Virtual Reality

, Volume 10, Issue 1, pp 24–30 | Cite as

Interaction with co-located haptic feedback in virtual reality

  • David Swapp
  • Vijay Pawar
  • Céline Loscos
Original Article


This paper outlines a study into the effects of co-location (the term ‘co-location’ is used throughout to refer to the co-location of haptic and visual sensory modes, except where otherwise specified) of haptic and visual sensory modes in VR simulations. The study hypothesis is that co-location of these sensory modes will lead to improved task performance within a VR environment. Technical challenges and technological limitations are outlined prior to a description of the implementation adopted for this study. Experiments were conducted to evaluate the effect on user performance of co-located haptics (force feedback) in a 3D virtual environment. Results show that co-location is an important factor, and when coupled with haptic feedback the performance of the user is greatly improved.


Haptics Co-location 



We would like to thank Deepti Narwani and Emanuele Ruffaldi for their help in the current study. The work presented in this paper was partially funded by the collaborative European project PUREFROM (IST-2000-29580), a 3-year RTD project funded by the 5th Framework Information Society Technologies (IST) Programme of the European Union.


  1. Arsenault R, Ware C (2000) Eye–hand co-ordination with force feedback. In: Proceedings of the SIGCHI conference on human factors in computing systems, The Hague, pp 408–414Google Scholar
  2. Bouguila L, Ishii M, Sato M (2000) Effect of coupling haptics and stereopsis on depth perception in virtual environment. World multiconference on systemics, cybernetics and informatics (SCI 2000), Orlando, pp 406–414Google Scholar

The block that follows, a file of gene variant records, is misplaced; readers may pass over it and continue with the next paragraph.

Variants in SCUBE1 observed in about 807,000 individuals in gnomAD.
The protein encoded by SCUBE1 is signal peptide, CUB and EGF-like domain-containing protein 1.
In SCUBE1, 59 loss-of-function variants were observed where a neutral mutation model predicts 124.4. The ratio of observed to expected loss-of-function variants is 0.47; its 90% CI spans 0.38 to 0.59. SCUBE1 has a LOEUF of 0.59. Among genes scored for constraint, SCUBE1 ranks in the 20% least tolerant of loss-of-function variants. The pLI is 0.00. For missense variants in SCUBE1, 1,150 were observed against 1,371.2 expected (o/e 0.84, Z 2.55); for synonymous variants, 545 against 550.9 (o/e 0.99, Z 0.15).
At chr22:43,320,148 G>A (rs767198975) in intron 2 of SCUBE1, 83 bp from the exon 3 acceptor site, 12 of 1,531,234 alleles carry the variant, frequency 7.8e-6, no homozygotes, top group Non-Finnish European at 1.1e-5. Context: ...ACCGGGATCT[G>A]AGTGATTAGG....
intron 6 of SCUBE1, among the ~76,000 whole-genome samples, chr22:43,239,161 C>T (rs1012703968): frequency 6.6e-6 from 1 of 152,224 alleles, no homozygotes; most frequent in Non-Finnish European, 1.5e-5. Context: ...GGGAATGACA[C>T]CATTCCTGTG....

3. Caclin A, Soto-Faraco S, Kingstone A, Spence C (2002) Tactile “capture” of audition. Percept Psychophys 64(4):616–630PubMedGoogle Scholar
  4. Cheng K, Pulo K (2003) Direct interaction with large scale display system using infrared laser tracking devices. In: Australasian symposium on information visualisation, Adelaide, 2003. Conferences in research and practice in information technology, vol 24Google Scholar
  5. Dettori A, Avizzano CA, Marcheschi S, Angerilli M, Bergamasco M, Loscos C, Guerraz A (2003) Art touch with CREATE haptic Interface, ICAR 2003. In: 11th International conference on advanced robotics, University of Coimbra, Portugal, June 30–July 3Google Scholar
  6. Dinh HG, Walker N, Hodges LF, Song C, Kobayashi A (1999) Evaluating the importance of multi-sensory input on memory and the sense of presence in virtual environments. In: Rosenblum L, Astheimer P, Teichmann D (eds) Proceedings of the IEEE virtual reality ‘99 conference. IEEE Computer Society Press, Los Alamitos, pp 222–228Google Scholar
  7. Durlach P, Fowlkes J, Metevier C (2005) Effect of variations in sensory feedback on performance in a virtual reaching task. Presence 14(4):450–462CrossRefGoogle Scholar
  8. Ernst MO, Banks MS, Bulthoff HH (2000) Touch can change visual slant perception. Nat Neurosci 3(1):69–73CrossRefPubMedGoogle Scholar
  9. Frisoli A, Jansson G, Bergamasco M, Loscos C (2005) Evaluation of the pure-form haptic displays used for exploration of works of art at museums, World haptics conference, Pisa, March 18–20Google Scholar